“It’s really interesting to me that the two major components – the “Drag Rap” from the Showboys and the “Brown Beat” from Cameron Paul are from literally the opposite ends of the country. Show Boys is from Queens, Cameron Paul is from San Francisco, and then you have this no coast, the dirty south non-coast where we live in. Where we just take those things that float down the river and transmute them into something different.”

– Rusty Lazer, in a 2019 interview with Know Wave

Cameron Paul’s “Brown Beats,” taken from the 1987 LP Beats & Pieces, has been sampled in more than 120 Bounce songs. This short video demonstrates how this drum break has become one of the building blocks of New Orleans Bounce.

“There is a tremendous amount of diversity of expression in the music even though huge swaths of it all use these really similar, identifying beats and samples. Part of it is maybe because New Orleans music is very often dance music. It has to be something you can dance to so you want something familiar that you can do your dances to that everyone knows. And if you take that idea a little bit further, it’s about community. You know? It’s about something you recognize that you all feel and show together.”

– Alison Fensterstock, in a 2019 interview with Know Wave

Bounce dancers, 2008. Photo: Jordan Blanton

Alison Fensterstock is a writer based in New Orleans who has covered Bounce music for the New Orleans Times-PicayuneNPRThe Advocate, and Pitchfork. In 2010, Fensterstock launched Where They At?, a documentary project on the evolution of New Orleans hip hop and Bounce, in collaboration with Aubrey Edwards.

“I don’t like to quote this too often, but in the words of Diplo, it’s a perfect beat. He said that, but I’ll say this about it – the beat itself has something for everybody. This driving eighth note pattern, the claps, that thing. The ass popping is going on in those eighth notes. Every flap of the ass is the downbeat. And then there’s always this Nolia clap, which, if you’re older, allows you to walk it out. You can just upright old man way, just walk on the 1-2-3-4 and kind of lean into it. It gives room for literally anyone in the space to engage without feeling like, ‘oh I can’t do that.’”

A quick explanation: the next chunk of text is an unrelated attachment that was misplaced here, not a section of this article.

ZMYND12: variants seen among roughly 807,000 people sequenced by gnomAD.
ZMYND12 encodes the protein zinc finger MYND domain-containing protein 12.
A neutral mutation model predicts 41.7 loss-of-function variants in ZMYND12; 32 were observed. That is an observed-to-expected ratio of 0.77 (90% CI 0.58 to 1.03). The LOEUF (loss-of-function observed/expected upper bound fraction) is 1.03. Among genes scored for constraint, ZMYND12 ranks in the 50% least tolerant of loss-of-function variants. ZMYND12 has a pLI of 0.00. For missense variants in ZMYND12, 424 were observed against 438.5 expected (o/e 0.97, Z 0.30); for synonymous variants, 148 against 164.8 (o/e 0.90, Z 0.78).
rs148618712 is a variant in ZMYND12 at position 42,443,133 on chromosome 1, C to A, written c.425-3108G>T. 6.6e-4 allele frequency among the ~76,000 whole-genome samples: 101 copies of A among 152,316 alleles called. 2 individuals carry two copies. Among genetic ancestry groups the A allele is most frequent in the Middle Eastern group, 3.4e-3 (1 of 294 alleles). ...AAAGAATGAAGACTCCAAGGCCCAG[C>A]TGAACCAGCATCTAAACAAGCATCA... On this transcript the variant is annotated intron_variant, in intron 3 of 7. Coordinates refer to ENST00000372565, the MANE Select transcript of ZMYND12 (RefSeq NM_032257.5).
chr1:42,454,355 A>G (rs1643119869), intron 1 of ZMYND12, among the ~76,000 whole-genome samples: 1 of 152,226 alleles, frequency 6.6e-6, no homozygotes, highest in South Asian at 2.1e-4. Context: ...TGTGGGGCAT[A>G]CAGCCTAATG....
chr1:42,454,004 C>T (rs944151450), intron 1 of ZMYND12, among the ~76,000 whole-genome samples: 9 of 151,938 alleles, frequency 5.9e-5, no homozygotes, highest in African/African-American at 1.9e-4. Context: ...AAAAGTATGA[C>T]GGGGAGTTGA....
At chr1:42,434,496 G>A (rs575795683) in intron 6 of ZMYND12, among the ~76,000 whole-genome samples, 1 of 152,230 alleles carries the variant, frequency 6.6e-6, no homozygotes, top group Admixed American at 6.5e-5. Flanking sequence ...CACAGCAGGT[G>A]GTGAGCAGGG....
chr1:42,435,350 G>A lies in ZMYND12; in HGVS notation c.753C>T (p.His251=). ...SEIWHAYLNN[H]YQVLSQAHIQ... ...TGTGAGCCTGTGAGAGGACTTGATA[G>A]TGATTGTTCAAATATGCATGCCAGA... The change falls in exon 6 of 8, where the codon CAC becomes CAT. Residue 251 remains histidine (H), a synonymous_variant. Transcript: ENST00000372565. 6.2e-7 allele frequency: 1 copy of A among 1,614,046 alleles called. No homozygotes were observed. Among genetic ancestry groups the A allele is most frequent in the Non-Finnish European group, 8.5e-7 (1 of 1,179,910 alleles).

– Rusty Lazer, in a 2019 interview with Know Wave

Rusty Lazer is a New Orleans-based musician, DJ, and artist. He has collaborated with Katey Red since 2006.

The Definition of Bounce: Between Ups and Downs in New Orleans, by 10th Ward Buck with Alison Fensterstock & Lucky Johnson.
Full color, 204 pages, 7 x 9.5 inches
Published 2010 by New Mouth from the Dirty South, New Orleans


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“Overall, all I want to do is shake my ass. That’s all. But we had fights. Fights like girls getting mad because we shaking, and then they want to come shake, and then we all shaking against each other. That means we booty bopping, so you going to get mad because if I’m booty bopping you and I’m a get mad because you booty bopping me. But overall, everywhere we have ever went, it was a memorable experience.”

– Noonie (Penny), in a 2019 interview with Know Wave

Block party outside of 10th Ward Buck’s restaurant, The Wing Shack, 2000s. Photo: Jordan Blanton